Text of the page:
Peer certificate verification in verify_callback

Jason Schultz jetson23 at
Mon Mar 30 21:02:47 UTC 2020

Victor, Jeremy-

Thanks for your responses. It sounds like I should maybe take a step back and describe what I'm doing and how. I'm possibly doing things fundamentally wrong, maybe because the way I'm doing them is based originally on OpenSSL 0.9.8. I'm currently moving from 1.0.2 to 1.1.1, which is why the questions are coming up.

I won't get into the details of my application as it's complex, but it can act as a client or a server. The case we are worried about is obviously when it's acting as a client. I thought the standard way of dealing with these type of errors was with setting a verify_callback() function, which is part of the description below.

I set up an X509_STORE object and then cycle through all of the certificate files in /etc/ssl/certs/, open them, and call PEM_read_X509() to get an X509 (certificate) object and then call X509_STORE_add_cert(x509_stor, certificate) to read the certificates into  my trusted store, X509_store object. Then when I create an SSL CTX, I call SSL_CTX_set_cert_store() to set the X509_store object for the CTX. I also call SSL_set_verify( ,SSL_VERIFY_PEER,verify_callback) with the SSL object created from that CTX to set the verify_callback() function for each user that will act as a client.

If the user of this CTX is acting as a client and the server presents a certificate chain, and my trusted store has the root, the connection will work, as the chain is verified and trusted. If the server presents a self-signed certificate, the verify_callback() function is invoked with the error

18/X509_V_ERR_DEPTH_ZERO_SELF_SIGNED_CERT, but if I search for and find the self-signed cert in my trusted store, I clear the error and let the

connection proceed. The scenario is very similar for the case I asked about, the only difference is I'm presented a 2 certs in a chain, and I have the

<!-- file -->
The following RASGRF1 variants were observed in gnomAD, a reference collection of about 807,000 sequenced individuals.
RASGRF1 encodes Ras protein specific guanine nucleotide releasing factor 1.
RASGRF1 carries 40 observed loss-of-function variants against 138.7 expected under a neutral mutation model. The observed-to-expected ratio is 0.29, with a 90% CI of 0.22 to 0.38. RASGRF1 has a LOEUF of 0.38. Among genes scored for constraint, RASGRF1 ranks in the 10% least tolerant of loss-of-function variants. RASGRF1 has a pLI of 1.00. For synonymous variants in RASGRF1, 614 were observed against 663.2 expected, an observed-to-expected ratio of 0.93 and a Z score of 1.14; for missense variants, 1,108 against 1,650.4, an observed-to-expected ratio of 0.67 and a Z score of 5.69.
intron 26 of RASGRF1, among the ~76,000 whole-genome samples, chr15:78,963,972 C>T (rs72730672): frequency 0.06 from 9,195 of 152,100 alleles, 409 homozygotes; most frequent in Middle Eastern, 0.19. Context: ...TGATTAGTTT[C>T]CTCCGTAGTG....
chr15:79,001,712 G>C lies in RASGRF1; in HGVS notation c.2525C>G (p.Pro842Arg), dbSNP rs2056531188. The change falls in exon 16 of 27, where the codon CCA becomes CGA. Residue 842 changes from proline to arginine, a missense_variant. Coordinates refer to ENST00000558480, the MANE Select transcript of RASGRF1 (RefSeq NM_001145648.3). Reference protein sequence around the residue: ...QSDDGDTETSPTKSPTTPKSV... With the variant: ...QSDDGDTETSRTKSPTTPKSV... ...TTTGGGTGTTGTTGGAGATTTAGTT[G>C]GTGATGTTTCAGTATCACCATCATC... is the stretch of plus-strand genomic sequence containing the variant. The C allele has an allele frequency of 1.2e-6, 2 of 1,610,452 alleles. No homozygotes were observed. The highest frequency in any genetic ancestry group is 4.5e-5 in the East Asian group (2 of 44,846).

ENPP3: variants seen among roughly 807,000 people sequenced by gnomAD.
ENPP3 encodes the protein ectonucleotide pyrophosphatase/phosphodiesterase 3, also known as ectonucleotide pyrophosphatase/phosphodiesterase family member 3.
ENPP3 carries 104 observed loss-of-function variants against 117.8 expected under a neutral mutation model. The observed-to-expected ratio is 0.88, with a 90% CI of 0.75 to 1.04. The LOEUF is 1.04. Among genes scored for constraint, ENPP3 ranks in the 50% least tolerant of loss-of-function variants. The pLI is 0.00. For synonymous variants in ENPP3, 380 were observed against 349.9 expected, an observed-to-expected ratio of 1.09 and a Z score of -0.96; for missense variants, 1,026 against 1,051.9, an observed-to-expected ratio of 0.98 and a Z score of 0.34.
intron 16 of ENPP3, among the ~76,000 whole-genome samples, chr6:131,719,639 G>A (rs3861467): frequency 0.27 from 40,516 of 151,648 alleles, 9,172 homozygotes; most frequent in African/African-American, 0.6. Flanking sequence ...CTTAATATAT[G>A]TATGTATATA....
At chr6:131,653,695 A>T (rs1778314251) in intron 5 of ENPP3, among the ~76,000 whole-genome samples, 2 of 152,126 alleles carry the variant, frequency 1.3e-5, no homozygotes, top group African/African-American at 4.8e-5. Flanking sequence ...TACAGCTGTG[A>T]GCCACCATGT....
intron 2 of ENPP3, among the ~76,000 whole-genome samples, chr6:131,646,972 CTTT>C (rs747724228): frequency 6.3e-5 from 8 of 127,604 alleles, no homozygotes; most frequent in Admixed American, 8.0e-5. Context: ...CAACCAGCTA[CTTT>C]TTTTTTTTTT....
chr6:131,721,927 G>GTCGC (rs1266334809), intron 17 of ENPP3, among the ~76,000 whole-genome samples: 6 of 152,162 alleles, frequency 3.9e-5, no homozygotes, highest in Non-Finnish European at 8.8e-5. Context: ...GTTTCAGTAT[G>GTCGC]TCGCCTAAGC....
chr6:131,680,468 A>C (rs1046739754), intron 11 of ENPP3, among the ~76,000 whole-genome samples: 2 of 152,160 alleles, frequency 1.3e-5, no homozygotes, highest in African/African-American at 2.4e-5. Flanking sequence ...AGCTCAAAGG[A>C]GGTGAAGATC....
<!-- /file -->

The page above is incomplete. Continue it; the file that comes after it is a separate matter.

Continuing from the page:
intermediate cert in my store.  My understanding was the verify_callback() is the correct place to handle these cases.

>From Victor's response, I don't know what a custom X509_STORE type is or how to set one up. Likewise, I don't know how to use the "partial chain" flag

and what API I need to load intermediate certificates into my trusted store(other than what I describe above). Because of the way certificates are

distributed, I can't always rely on having the root in the trusted store, so I'll need to trust some intermediate certs, provided they are valid, actually signed

the end-entity cert, etc.

Let me know if I am off track, and if so, what APIs I should be looking at, especially if there are been changes in this area.


From: openssl-users <openssl-users-bounces at> on behalf of Viktor Dukhovni <openssl-users at>
Sent: Monday, March 30, 2020 6:17 PM
To: openssl-users at <openssl-users at>
Subject: Re: Peer certificate verification in verify_callback

On Thu, Mar 05, 2020 at 02:04:27PM +0000, Jason Schultz wrote:

> I have some questions about my application’s verify_callback() function and how I handle some of the OpenSSL errors.

You're going about this the wrong way.  Instead of tryign (likely
insecurely) to patch up verification errors in a verify callback, if you
have a certificate store that is not directly supported by OpenSSL, you
need to implement your own custom X509_STORE type, associate that store
with the SSL_CTX and have OpenSSL's built-in certificate verification
search that store for you.

If you also want to directly trust intermediate certificates that are
not self-signed roots, you can either set the "partial chain" flag,
or load into your store intermediate certificates with auxiliary
trust settings (aka "TRUSTED CERTIFICATES"), which will then be
trusted without chaining to a root, but simpler to just add the
roots to the store.

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